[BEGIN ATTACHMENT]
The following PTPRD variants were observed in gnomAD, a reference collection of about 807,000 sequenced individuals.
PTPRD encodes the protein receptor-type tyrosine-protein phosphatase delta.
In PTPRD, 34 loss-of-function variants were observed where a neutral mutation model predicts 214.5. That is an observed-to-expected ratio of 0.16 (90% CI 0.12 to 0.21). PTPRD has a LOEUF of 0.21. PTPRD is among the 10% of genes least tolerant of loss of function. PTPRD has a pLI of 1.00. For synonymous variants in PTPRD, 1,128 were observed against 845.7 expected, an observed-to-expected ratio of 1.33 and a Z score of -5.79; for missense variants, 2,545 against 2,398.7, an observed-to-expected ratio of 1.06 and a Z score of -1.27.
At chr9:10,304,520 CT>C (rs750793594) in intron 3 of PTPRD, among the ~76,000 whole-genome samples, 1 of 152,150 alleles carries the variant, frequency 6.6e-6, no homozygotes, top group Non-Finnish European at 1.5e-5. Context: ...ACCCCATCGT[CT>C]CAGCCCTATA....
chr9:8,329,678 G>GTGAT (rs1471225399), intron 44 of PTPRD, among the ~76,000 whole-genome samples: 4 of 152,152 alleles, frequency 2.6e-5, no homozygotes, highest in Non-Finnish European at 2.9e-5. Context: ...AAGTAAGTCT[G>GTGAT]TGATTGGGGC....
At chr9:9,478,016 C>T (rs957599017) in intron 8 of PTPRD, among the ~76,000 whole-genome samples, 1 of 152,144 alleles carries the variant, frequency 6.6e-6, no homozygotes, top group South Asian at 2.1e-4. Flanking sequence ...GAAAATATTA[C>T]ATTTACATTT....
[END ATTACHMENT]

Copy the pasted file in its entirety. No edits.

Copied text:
The following PTPRD variants were observed in gnomAD, a reference collection of about 807,000 sequenced individuals.
PTPRD encodes the protein receptor-type tyrosine-protein phosphatase delta.
In PTPRD, 34 loss-of-function variants were observed where a neutral mutation model predicts 214.5. That is an observed-to-expected ratio of 0.16 (90% CI 0.12 to 0.21). PTPRD has a LOEUF of 0.21. PTPRD is among the 10% of genes least tolerant of loss of function. PTPRD has a pLI of 1.00. For synonymous variants in PTPRD, 1,128 were observed against 845.7 expected, an observed-to-expected ratio of 1.33 and a Z score of -5.79; for missense variants, 2,545 against 2,398.7, an observed-to-expected ratio of 1.06 and a Z score of -1.27.
At chr9:10,304,520 CT>C (rs750793594) in intron 3 of PTPRD, among the ~76,000 whole-genome samples, 1 of 152,150 alleles carries the variant, frequency 6.6e-6, no homozygotes, top group Non-Finnish European at 1.5e-5. Context: ...ACCCCATCGT[CT>C]CAGCCCTATA....
chr9:8,329,678 G>GTGAT (rs1471225399), intron 44 of PTPRD, among the ~76,000 whole-genome samples: 4 of 152,152 alleles, frequency 2.6e-5, no homozygotes, highest in Non-Finnish European at 2.9e-5. Context: ...AAGTAAGTCT[G>GTGAT]TGATTGGGGC....
At chr9:9,478,016 C>T (rs957599017) in intron 8 of PTPRD, among the ~76,000 whole-genome samples, 1 of 152,144 alleles carries the variant, frequency 6.6e-6, no homozygotes, top group South Asian at 2.1e-4. Flanking sequence ...GAAAATATTA[C>T]ATTTACATTT....